Fair Food movement gains key new ally in campaign to demand respect for human rights in Publix supply chain!

International anti-slavery champion Walk Free to mobilize network of 2 million activists, call on Publix to “join the Fair Food Program and ensure our tomatoes meet the highest human rights standards in the food industry.”

The Fair Food Program has been winning the attention of more and more advocates for fundamental human rights these days, and this past week another international human rights organization has stepped into the ring to help press Publix to do the right thing and join the Fair Food Program.

Walk Free, the “movement of people everywhere, fighting to end one of the world’s greatest evils: modern slavery,” has pledged to mobilize its network of 2 million human rights activists to join the fight and help expand the program the White House called, “one of the most successful and innovative programs” in the world today for the prevention of modern-day slavery, the CIW’s Fair Food Program.

Toward that end, Walk Free has launched an e-petition to Publix CEO William Crenshaw. The petition begins by introducing the Fair Food Program as “a new solution” to Florida’s history of farm labor abuse that “has proven successful.” Then it moves on to Publix:

“… But a major U.S. supermarket chain, Publix Super Markets, is refusing to support the Fair Food Program. Publix continues to buy tomatoes from growers that are not partners of the Fair Food Program and where workers still toil beyond the reach of its proven protection from modern slavery.

Will Publix Super Markets, which prides itself on making Fortune’s ‘Best Companies to Work For’ list, continue to turn a blind eye and give excuses, or will it leverage its vast market influence and lead the way in cleaning up slavery in the tomato supply chain once and for all?

Tell Publix to make the right decision to join the Fair Food Program and ensure our tomatoes meet the highest human rights standards in the food industry today.” read more

You can sign the petition today by clicking here. We look forward to working with Walk Free and its growing army of activists in the weeks and months ahead as this important new front in the Campaign for Fair Food continues to develop.

Quick media update…

There has been a lot happening in the Fair Food world of late, and so some things, like some really wonderful articles from the past few weeks, get lost in the shuffle.

The first piece we want to be sure to bring to your attention is an op/ed by the bishop of the Catholic Diocese of Orlando, Bishop John Noonan, entitled “Program Transforms Food Industry” (4/29/13). Published in Publix’s hometown newspaper, the Lakeland Ledger, the article has caused quite a ripple in the community that Publix executives call home. It too begins by recounting the widely-acclaimed success of the Fair Food Program:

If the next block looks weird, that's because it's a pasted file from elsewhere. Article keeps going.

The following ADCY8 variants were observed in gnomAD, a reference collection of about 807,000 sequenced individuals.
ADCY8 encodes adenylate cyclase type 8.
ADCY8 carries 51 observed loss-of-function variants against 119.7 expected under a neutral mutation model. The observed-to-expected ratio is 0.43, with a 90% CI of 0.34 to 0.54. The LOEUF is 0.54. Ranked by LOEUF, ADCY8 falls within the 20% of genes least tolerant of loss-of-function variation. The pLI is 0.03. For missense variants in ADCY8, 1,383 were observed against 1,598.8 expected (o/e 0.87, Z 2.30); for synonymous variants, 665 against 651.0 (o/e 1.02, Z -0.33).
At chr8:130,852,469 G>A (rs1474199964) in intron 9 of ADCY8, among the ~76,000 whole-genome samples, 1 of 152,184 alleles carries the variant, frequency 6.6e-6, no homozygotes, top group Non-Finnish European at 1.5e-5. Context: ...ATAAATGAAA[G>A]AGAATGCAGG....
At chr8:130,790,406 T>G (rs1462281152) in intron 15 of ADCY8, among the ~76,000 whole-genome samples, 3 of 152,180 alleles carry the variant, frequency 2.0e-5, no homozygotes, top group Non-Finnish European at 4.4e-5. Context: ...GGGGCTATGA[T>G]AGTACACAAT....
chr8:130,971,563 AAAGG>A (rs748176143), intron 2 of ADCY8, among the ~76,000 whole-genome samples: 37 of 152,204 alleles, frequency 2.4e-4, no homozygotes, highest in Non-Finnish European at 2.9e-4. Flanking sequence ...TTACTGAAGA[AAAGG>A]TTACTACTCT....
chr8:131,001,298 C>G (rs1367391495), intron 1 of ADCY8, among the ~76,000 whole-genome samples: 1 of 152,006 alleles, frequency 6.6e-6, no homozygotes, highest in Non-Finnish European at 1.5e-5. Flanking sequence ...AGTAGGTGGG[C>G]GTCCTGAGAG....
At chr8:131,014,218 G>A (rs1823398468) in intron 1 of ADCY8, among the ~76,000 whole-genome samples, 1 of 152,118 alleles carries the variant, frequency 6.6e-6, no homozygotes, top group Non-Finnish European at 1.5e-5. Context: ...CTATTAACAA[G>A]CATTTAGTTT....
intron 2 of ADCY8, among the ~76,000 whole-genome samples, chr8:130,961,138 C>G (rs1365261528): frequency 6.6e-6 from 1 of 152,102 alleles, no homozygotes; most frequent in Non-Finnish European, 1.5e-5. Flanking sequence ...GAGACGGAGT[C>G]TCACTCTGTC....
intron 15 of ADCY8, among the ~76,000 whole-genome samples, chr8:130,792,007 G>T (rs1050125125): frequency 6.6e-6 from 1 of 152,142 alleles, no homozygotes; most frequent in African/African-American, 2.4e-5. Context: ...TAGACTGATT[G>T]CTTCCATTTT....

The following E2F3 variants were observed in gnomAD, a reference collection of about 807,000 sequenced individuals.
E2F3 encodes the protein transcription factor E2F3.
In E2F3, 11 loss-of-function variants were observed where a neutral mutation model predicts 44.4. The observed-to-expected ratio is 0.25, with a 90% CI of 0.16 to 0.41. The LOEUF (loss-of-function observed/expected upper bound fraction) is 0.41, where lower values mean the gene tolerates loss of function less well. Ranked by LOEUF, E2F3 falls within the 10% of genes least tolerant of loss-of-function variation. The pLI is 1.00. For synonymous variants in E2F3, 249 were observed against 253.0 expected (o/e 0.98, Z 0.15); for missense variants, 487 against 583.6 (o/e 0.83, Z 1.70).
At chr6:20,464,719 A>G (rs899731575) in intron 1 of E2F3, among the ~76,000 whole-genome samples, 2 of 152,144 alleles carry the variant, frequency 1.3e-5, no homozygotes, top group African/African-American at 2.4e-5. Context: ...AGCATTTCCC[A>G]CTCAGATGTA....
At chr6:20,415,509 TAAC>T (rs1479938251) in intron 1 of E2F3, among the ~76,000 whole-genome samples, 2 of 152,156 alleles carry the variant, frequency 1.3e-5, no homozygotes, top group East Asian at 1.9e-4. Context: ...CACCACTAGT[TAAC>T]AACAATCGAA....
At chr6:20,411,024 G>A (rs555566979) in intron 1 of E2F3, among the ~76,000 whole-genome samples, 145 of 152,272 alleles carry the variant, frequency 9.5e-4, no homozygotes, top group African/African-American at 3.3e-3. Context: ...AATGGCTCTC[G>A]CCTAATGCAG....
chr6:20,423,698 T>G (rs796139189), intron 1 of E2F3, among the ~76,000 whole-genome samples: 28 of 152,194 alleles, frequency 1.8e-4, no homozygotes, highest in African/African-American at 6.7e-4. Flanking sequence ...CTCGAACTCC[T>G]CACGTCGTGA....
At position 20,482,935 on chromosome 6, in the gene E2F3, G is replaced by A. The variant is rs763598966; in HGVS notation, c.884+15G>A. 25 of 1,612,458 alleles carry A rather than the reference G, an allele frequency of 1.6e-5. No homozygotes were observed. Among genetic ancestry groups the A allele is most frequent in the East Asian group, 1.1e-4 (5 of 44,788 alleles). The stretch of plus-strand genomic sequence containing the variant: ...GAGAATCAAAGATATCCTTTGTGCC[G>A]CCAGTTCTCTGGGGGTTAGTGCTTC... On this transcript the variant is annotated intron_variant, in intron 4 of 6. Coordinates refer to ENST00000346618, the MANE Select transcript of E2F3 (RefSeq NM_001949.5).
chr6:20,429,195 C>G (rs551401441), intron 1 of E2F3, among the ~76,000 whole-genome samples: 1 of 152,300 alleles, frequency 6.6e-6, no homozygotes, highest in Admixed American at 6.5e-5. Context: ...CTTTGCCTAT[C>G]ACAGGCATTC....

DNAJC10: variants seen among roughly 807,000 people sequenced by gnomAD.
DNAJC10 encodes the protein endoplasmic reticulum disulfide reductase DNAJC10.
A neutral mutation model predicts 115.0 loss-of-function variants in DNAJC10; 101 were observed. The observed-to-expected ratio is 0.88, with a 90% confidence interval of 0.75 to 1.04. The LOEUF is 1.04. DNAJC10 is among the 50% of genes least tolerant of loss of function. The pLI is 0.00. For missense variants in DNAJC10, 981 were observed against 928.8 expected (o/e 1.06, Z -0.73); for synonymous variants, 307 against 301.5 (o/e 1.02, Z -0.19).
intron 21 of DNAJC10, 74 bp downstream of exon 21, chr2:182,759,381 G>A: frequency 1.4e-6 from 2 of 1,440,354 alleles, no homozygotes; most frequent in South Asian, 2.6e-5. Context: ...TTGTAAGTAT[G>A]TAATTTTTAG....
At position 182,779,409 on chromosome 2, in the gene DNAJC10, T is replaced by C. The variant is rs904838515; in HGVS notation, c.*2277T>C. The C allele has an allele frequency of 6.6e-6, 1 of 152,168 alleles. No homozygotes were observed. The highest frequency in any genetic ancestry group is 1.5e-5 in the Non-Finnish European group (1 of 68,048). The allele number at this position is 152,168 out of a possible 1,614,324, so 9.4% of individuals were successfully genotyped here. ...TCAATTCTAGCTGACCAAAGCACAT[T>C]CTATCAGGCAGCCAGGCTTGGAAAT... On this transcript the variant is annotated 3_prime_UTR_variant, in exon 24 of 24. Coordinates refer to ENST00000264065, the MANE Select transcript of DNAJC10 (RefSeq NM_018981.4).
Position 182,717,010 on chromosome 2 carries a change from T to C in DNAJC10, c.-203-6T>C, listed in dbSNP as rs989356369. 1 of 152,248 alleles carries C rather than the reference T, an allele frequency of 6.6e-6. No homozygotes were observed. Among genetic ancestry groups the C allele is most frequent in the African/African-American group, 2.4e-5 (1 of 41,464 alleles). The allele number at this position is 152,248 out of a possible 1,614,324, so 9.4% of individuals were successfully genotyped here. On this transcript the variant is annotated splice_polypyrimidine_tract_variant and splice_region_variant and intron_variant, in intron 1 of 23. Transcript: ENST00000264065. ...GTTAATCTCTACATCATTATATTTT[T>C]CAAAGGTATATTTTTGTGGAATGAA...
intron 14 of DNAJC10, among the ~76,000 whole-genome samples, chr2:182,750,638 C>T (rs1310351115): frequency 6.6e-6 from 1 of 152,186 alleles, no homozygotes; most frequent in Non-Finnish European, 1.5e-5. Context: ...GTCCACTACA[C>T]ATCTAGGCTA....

“… Thanks to the Fair Food Program, our brothers and sisters in Christ who labor in the fields of our Lord are living a new day of dignity and human rights.

For the first time, farmworkers are ensured shade, water and adequate breaks while working under the intense sun. They can report physical, sexual and verbal abuse without fear of retaliation or being fired.” read more

And then goes on to question Publix’s resistance to the Program, concluding with an interesting invitation:

“…I am disappointed that Publix, a much-loved, generous company, has not yet agreed to meet with me regarding the Fair Food Program and the company’s possible involvement.The Fair Food Program is transforming an industry once racked with abuse into one in which the dignity God bestows upon each human being is honored and respected.

I pray that God will inspire the leaders of Publix to meet with me for further discussion and the involvement of Publix with the Fair Food Program, a human rights partnership that is working to promote the dignity and just treatment of our sisters and brothers whose hands harvest the food we consume in a country of bounty.” read more

As far as we know, that invitation has yet to be answered.

A second piece, which was published just last week in the popular internet news reader truthout.org, is a great read, too, that ends on a particularly poetic quotation by the CIW’s Gerardo Reyes (“A Penny a Pound, Plus Power: The Coalition of Immokalee Workers Changes History,” truthout.org, 5/12/13):

“… We hope to see a day in which, when one says ‘farmworker,’ the word won’t be associated with powerlessness, voicelessness, inability to define one’s own destiny. Our dream is that when consumers think of who farmworkers are, they understand that we have taken up our pens to write our own history.

We will continue dreaming and we will continue working together to realize our dreams. We have the notebook of destiny in our hands, and we’re writing it today.”

read more

Definitely check out the rest of the article when you get a chance.

That’s all for now. Come back soon for much more from the fast-moving Campaign for Fair Food!